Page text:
1. Responsibility for children's funding transferred to the Department for Education and Skills after 2003-04. Prior to this Department personal social services allocations covered children and adults, but to provide a consistent trend only adult social care spend is shown here, i.e. in line with the Secretary of State's current responsibilities.
2. Figures for 2006-07 and 2007-08 cannot be included due to the introduction of the four block model. This means that it is no longer appropriate to refer to separate budgeted amounts for younger adults and older people's service blocks. The Department is currently awaiting further guidance on the presentation of adult social care resources from the Department for Communities and Local Government.
Tim Loughton: To ask the Secretary of State for Health what discussions South East Coast Strategic Health Authority has had with the management of (a) Worthing Hospital and (b) Southlands Hospital in West Sussex regarding the redeployment of staff following the planned service reconfiguration. 
Kate Hoey: To ask the Secretary of State for Health if she will offer South London and Maudsley NHS Trust financial assistance following the budget set by Southwark and Lambeth Primary Care Trust; and if she will make a statement. 
Andy Burnham: I have met with my hon. Friend and other local hon. and right hon. Members on this issue. Following that meeting, I have asked officials to discuss this with NHS London and report back to me.
Lynne Featherstone: To ask the Secretary of State for Health how many special severance payments have been made in each year since 2001, broken down by NHS trust; and if she will make a statement. 
Dr. Cable: To ask the Secretary of State for Health how many staff in her Department received bonus payments in each of the last five years for which information is available; what proportion of the total work force they represented; what the total amount of bonuses paid has been; what the largest single payment was in each year; and if she will make a statement.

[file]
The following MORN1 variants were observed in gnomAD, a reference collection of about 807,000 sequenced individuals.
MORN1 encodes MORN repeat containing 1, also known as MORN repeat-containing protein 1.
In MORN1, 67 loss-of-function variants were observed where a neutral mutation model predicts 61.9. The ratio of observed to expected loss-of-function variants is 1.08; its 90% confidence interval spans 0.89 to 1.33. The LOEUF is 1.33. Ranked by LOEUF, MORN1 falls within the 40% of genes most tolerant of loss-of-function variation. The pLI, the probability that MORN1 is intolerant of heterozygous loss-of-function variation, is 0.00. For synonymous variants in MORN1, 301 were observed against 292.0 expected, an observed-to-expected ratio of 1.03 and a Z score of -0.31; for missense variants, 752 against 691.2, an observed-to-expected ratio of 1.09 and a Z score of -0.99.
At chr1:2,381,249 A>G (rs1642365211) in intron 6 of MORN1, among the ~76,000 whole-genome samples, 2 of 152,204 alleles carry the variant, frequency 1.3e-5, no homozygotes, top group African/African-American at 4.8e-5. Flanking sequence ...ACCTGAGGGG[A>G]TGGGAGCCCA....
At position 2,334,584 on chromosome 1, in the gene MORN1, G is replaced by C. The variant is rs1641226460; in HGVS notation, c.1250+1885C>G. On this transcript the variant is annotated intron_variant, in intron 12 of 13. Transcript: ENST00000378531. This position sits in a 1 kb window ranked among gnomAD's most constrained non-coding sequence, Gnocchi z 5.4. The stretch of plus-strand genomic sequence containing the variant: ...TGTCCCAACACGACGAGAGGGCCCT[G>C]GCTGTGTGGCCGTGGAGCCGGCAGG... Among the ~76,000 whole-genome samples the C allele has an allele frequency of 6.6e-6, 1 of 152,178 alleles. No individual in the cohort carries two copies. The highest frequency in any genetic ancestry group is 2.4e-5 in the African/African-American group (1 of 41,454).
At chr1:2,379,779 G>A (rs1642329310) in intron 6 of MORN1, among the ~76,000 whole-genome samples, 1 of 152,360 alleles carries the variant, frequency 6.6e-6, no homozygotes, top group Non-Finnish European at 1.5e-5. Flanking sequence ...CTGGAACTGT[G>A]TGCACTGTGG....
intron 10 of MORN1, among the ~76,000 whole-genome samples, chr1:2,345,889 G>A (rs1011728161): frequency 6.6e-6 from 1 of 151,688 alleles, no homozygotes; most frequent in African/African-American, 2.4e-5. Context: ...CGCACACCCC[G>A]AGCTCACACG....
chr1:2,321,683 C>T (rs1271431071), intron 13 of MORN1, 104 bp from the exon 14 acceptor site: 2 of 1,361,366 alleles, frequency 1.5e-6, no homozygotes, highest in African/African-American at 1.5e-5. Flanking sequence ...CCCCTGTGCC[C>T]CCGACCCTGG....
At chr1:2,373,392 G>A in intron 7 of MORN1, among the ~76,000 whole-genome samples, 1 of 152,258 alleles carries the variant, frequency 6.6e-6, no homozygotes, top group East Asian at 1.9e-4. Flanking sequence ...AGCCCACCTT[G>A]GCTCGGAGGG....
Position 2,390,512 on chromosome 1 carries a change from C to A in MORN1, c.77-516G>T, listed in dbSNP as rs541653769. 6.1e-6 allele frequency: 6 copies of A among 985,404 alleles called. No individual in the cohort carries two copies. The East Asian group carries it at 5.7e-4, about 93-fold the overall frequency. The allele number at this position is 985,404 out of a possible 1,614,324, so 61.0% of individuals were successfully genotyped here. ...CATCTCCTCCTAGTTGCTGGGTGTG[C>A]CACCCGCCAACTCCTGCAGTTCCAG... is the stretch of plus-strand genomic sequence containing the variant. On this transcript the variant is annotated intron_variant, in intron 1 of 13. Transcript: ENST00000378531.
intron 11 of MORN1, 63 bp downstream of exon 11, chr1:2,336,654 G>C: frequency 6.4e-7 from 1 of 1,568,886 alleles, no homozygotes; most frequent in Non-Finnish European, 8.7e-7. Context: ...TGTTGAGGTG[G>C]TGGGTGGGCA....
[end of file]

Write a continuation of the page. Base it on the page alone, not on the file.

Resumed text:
Mr. Ivan Lewis: The numbers of staff who received bonus payments in 2004-05 and 2005-06, together with the proportion of staff they represent and the total amount of bonus paid, are set out as follows:
The largest single payment in 2004-05 was £22,500 and the largest payment in 2005-06 was £30,000. The most significant proportion of bonuses paid to staff are to senior civil servants. The Department operates the payment system for the senior civil service (SCS) in line with the Senior Salaries Review Body recommendations and wider Cabinet Office policy. The largest single payment in both cases refers to a senior civil service bonus and is in line with the recommendations of the above.
Mr. Watson: To ask the Secretary of State for Health what assessment she has made of the findings of the recent study led by the Dean of the Florence Nightingale School for Nursing on the effect of ward staffing levels on the care of surgical patients. 
Ms Rosie Winterton:
Patient safety is always a top priority for the national health service and we now have about an extra 89,000 more nurses working in the NHS delivering high quality care for patients than in 1997. Nursing ratios are a complex subject which has yet to gain a specific agreement within the nursing profession. We welcome this addition to this area of research which demonstrates the key role nurses play in positive
patient outcomes. It is for individual NHS trusts to determine how best to use their funds to meet national and local priorities and to commission services accordingly. This process provides the means for addressing local needs within the health community including the provision of ward staff.
The principal sponsor of research into the development of anti-TB drugs is the Department for International Development (DfID). DfID is currently supporting such research by funding the Global Alliance for TB Drug Development. In the period 2005 to 2008 DflDs contribution to the Alliance will amount to £6.5 million.
Mr. Stephen O'Brien: To ask the Secretary of State for Health (1) what the incidence of tuberculosis among people who entered the UK and became resident there within the previous five years was in (a) 1995, (b) 1998, (c) 2001, (d) 2004 and (e) the latest year for which figures are available; 
|Number and rate of non-UK born tuberculosis cases that entered the UK within the last five years (England)|
|Number||Rate per 100,000 population|